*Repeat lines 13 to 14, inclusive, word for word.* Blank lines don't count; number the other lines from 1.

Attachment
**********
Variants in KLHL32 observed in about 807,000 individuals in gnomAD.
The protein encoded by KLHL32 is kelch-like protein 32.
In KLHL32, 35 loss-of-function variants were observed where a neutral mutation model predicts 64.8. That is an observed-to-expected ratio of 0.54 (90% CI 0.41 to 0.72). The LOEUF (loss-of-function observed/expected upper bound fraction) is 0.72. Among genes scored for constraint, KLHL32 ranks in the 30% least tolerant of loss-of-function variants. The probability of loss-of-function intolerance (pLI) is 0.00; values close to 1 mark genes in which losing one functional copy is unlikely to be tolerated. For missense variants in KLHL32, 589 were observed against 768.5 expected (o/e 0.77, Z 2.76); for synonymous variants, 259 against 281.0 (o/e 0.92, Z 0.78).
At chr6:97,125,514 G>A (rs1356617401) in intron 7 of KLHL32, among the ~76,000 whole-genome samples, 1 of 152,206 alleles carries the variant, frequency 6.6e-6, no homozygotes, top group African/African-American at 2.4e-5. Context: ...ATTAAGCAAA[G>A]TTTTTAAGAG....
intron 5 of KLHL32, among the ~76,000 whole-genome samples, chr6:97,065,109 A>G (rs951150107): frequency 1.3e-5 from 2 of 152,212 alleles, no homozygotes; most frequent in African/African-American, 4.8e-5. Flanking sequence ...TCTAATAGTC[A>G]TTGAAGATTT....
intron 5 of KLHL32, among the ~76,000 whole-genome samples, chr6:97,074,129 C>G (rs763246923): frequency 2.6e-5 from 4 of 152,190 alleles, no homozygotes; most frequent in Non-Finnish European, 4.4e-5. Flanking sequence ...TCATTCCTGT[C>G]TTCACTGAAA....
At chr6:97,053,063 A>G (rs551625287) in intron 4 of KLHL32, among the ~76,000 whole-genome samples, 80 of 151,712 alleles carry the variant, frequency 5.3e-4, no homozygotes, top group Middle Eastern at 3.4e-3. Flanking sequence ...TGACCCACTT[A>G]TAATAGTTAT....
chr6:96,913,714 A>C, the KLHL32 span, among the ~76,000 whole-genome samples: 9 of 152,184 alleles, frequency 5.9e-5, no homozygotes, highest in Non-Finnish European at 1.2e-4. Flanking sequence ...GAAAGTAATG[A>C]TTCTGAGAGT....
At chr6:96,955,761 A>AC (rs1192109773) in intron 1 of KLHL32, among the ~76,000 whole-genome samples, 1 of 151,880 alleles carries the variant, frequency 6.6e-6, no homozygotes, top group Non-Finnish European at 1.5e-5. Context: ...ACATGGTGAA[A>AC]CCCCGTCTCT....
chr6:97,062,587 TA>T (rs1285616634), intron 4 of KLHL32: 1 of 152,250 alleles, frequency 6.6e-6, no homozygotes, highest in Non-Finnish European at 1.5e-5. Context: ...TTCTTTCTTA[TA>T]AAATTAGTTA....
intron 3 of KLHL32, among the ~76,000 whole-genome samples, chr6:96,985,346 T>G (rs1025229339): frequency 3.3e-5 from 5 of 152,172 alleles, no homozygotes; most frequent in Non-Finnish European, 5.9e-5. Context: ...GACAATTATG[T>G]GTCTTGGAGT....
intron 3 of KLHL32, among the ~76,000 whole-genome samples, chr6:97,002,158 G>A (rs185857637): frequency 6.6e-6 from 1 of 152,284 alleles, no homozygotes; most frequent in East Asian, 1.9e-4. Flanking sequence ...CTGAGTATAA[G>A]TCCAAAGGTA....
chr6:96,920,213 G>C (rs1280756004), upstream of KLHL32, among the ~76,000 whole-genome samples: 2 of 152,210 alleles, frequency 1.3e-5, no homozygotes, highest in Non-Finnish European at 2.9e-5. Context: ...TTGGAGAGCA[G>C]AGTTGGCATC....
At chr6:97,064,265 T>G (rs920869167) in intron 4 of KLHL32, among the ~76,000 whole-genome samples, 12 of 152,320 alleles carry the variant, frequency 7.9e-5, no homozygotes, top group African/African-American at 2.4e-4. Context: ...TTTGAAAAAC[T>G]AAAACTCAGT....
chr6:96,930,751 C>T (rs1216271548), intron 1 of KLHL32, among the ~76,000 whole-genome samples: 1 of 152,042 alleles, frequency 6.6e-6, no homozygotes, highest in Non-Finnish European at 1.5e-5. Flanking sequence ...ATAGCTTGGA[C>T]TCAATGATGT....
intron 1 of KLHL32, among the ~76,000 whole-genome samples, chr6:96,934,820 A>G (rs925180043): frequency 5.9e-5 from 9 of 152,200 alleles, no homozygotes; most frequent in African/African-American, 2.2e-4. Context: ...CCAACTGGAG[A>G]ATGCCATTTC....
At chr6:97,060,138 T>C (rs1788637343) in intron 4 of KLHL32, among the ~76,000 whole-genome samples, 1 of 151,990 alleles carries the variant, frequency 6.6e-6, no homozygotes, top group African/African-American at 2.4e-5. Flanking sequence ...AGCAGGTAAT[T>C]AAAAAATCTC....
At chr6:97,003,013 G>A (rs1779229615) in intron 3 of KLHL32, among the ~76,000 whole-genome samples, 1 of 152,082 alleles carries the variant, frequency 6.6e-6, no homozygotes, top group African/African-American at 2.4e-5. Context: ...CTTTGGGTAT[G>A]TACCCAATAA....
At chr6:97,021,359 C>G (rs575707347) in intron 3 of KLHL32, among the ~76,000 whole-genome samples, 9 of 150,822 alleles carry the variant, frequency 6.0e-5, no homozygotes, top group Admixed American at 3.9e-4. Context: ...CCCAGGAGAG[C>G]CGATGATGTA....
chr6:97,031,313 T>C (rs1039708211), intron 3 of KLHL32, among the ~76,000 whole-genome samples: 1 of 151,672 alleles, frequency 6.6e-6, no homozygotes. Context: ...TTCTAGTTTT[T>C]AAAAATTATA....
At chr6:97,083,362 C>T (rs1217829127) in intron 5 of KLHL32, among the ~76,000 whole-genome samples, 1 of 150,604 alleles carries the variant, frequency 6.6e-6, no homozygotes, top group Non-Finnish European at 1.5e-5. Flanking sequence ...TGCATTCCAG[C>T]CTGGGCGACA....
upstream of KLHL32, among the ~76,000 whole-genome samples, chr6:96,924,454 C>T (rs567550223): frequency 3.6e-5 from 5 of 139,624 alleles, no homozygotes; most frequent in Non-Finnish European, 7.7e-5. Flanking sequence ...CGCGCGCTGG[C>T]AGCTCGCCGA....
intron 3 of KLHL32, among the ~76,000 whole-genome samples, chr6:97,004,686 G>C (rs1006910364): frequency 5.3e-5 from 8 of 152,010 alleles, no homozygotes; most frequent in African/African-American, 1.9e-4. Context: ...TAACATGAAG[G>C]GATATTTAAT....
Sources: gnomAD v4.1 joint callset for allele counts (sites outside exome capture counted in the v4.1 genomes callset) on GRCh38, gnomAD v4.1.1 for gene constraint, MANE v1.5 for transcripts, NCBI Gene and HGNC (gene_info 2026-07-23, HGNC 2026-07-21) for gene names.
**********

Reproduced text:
chr6:96,920,213 G>C (rs1280756004), upstream of KLHL32, among the ~76,000 whole-genome samples: 2 of 152,210 alleles, frequency 1.3e-5, no homozygotes, highest in Non-Finnish European at 2.9e-5. Context: ...TTGGAGAGCA[G>C]AGTTGGCATC....
At chr6:97,064,265 T>G (rs920869167) in intron 4 of KLHL32, among the ~76,000 whole-genome samples, 12 of 152,320 alleles carry the variant, frequency 7.9e-5, no homozygotes, top group African/African-American at 2.4e-4. Context: ...TTTGAAAAAC[T>G]AAAACTCAGT....